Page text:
Concert Review: Michael Jerling @ Caffe Lena, 09/16/2023 


The sense of community for Michael Jerling’s performance at Caffe Lena Saturday night was overwhelming. The sellout crowd common for his appearances at the Caffe that stretch back more than four decades was something I personally had not experienced at the Lena’s in recent years. A palpable, high-energy buzz was punctuated by the kind of interaction that rarely happens outside of family reunions. People hugged, laughed and caught up with each other. Michael walked among his adoring fans between sets, and each song he performed struck chords with his extended family of friends that he “played” like a second instrument. 

Michael performed many of the songs from his latest album, 2018’s Family Recipe. He reached back to his first album, On Top of Fool’s Hill, for the title cut and did a stirring rendition of “Long Black Wall” which earned him a prestigious “New Folk” award at the Kerrville Folk Festival in Texas in 1981 and was included in the Smithsonian Folkways CD celebrating 20 years of Fast Folk. As a Vietnam veteran, I identified with its message: 

The vets came back on the G.I. Bill 
In their field jackets and jeans 
Drank black coffee and smoked cigarettes 
And never spoke of what they’d seen 
Long black wall 
And nothing left to say 
Long black wall 
So many miles away 

 His lyrics are replete with anecdotes strung together in miniature short stories that draw the listener in. You aren’t on the outside looking in but a part of the story through images that are intimate, graphic and quietly powerful. They’re snapshots that could be the first musical chapter of a novel drawn from experiences well spent. They drew the audience in like a beacon, shedding light on an entire life’s worth of experiences. 

“When Words Still Mattered” defines Michael’s heritage, recalling a post-“Blowin’ in The Wind” folk revival when his songs, along with those of Dylan, Tom Paxton, Joan Beaz, and Dave Van Ronk gave identity to a generation that inspired their defining lifestyles every bit as powerful and paradigm shattering as the psychedelic sounds of Haight Ashbury. 

The title song of his latest album, “Family Recipe,” is a three-dimensional snapshot of his mother’s recipes scribbled in blue pen. “Beach House 1973” is one of the few songs that is purely autobiographical marking a point in his young life when he lived in a room on the West Coast with no heat or other amenities. 

He avoided some of the more political songs on his Family Recipe album like “The Temperature of Women,” about how his wife Teresina Huxtable who played a reed organ and accordion at the show can suddenly turn on a dime emotionally, and “Why Republicans Hate Trains” that I won’t go into at this time of potential civil war.  But he did sing “Personal Appearance” with a line about scaring the dog in his birthday suit. It’s replete with references to his balding and an admission that he’s just “short for his weight.” When he first played it for Teresina she told him, “You’re not gonna run this by people, are you?”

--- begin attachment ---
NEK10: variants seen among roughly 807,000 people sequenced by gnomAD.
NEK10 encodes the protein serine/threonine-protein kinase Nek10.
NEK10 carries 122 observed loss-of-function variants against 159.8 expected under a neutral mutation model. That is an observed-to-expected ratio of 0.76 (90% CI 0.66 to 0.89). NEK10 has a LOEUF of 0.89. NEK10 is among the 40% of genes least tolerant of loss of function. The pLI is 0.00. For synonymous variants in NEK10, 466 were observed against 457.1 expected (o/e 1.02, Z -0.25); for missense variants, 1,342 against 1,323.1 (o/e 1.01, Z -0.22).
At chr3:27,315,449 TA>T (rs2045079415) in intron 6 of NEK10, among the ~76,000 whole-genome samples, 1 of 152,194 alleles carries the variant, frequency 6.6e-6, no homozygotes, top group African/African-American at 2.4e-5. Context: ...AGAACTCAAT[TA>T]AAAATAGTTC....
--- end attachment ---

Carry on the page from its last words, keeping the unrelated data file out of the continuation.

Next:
He was also joined on stage by mandolin player Orion Kribs and guitarist Izzy Reinish. They were more in the forefront of the live show than the musicians on Family Recipe including the late and sorely missed Tony Markellis. 

In my preview of this show, I ran quotes made by Dave Van Ronk at a July 1970 performance at the Caffe that I feel best summarize both the lasting legacy but also reveals how much the coffeehouse culture has changed in the last half-century: 

“I really love this place. For an old anarchist like me, this is home. Lena, you’re a love, but if you were a dog, you couldn’t organize a pack of fleas. This is the best damn club! Have you ever noticed that? Have you ever noticed? Have you gone to a coffee house almost anywhere and ordered a cup of coffee and saved it for open cuts? This is probably the only coffee house in the United States where you can get a cup of coffee that won’t poison you.”  

The old anarchists are gone, but the sense of community at the venerable Caffe Lena is very much alive under the leadership of Sarah Criag.  In an email to me, she said, “So glad you wrote a piece about Michael. He’s truly one of my favorites. His melodies are so rich and soothing, and his stories are full of truth and heart.” 

The Caffe Lena is a treasure and should be treated as such, and Michael Jerling is a sterling example of the lasting legacy of this great “listening room.”

1 Comment
  1. Chris Shaw says

    Great guy, great songwriter.

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